Tax Havens: A Red Herring?
Dec 31, 2017Posted by on
However it is time to get serious again with a series of articles that point out the hypocrisy of the EU in their approach to tax havens. Of course the EU is not the only public administration complicit in this charade, every government protesting against their notional loss of taxes due to the tax avoidance of money secreted in tax havens share in any criticism of the EU. This, despite a global awareness of such activity on the part of public administrations and a political unwillingness to act before the revelations of the International Consortium of Investigative Journalists (ICIJ) and their publication of the Panama Papers¹.
The whole issue of the Panama Papers is a distraction from the real issue of government fiscal policy, a red herring gifted to politicians. Politicians have seized on the revelations of the Panama Papers to express concern about a government’s lost taxation opportunity. This, despite the fact that the money legally deposited in tax havens represents a very small percentage of the budget. Any connection between the political inability — or unwillingness — to control the much larger sources of monies secreted illegally in tax havens remains to be revealed. What no politician (certainly not in the UK) will admit to or will accept responsibility for, is the amount of taxation that is already wasted and their own use of tax havens to protect their sinecures.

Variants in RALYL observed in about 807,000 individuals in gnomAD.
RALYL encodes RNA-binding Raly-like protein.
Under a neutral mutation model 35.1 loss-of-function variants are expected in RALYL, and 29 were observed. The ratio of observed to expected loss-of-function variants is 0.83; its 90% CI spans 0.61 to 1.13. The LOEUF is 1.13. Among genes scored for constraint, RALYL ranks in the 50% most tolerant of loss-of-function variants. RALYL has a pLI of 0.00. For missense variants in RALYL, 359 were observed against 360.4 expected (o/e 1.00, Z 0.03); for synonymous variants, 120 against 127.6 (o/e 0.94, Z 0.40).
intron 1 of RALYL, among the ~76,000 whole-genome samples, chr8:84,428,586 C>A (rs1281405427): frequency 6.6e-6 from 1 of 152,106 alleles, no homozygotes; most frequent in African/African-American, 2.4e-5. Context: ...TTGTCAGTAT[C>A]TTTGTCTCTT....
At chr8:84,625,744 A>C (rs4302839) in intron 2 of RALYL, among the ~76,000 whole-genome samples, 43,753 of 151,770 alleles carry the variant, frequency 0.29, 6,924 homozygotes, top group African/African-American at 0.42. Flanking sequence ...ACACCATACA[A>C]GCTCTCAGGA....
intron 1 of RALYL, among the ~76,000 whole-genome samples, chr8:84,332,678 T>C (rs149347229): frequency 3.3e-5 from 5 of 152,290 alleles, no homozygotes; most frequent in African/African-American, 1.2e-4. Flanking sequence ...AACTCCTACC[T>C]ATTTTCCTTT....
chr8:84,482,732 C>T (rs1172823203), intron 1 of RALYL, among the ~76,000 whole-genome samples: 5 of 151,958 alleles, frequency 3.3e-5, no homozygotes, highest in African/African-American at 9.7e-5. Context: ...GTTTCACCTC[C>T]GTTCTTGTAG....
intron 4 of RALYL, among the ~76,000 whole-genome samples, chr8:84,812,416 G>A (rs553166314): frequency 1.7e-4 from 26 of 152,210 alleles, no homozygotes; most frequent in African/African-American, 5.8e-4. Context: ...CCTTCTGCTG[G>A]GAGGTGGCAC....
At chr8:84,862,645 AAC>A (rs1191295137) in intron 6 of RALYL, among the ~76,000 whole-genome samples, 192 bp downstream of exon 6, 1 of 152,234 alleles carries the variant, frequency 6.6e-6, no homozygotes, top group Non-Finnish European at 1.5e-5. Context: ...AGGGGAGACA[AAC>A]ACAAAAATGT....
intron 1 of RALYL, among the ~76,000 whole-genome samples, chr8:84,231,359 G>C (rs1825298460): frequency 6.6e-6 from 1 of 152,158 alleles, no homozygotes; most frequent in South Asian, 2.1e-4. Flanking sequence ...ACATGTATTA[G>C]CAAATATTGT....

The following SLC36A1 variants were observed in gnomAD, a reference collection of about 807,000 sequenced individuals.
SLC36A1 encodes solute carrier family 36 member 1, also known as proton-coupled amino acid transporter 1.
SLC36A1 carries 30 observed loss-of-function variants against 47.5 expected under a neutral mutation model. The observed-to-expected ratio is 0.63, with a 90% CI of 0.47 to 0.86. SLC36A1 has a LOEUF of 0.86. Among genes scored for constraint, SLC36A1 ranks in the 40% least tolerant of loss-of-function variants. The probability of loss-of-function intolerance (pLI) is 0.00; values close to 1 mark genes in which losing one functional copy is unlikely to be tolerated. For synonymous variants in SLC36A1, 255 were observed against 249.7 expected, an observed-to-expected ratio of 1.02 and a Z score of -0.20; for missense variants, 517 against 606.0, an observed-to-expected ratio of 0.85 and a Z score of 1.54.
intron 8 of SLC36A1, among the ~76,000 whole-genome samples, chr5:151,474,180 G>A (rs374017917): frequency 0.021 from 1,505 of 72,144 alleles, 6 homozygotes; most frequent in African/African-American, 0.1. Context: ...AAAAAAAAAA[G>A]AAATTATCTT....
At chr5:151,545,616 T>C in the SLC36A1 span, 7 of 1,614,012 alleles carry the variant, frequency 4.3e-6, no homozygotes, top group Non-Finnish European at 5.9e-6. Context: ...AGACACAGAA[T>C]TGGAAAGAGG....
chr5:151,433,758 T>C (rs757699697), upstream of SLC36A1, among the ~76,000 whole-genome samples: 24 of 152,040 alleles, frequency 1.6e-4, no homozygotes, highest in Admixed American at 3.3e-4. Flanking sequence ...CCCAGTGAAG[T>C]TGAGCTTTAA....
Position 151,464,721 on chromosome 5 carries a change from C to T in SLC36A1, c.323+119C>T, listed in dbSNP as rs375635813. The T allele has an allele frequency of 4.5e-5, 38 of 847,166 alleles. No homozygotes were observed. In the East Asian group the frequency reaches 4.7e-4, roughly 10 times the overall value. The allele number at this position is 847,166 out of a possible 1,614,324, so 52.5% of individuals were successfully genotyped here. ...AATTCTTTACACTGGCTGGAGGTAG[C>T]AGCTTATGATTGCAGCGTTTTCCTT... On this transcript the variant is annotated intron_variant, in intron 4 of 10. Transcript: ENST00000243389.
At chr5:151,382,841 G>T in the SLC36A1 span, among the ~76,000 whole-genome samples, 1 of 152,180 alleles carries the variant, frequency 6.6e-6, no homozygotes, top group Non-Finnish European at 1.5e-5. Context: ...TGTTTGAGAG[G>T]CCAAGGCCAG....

Economic growth is global with public administrations competing for the necessary inward investment of capital to succeed in today’s competitive markets. To attract inward capital investment requires that governments have a competitive fiscal policy and while taxing money secreted in tax havens may provide politicians with a moments moral respite, it will do little to stop them pursuing a beggar thy neighbour fiscal policy. An policy that is clearly revealed in the EU’s published blacklist².
²EU list of non-cooperative jurisdictions for tax purposes (pdf): The Council, at its meeting on 5 December 2017, adopted the Council conclusions on the EU list of non-cooperative jurisdictions for tax purposes, that are set out in the Annex.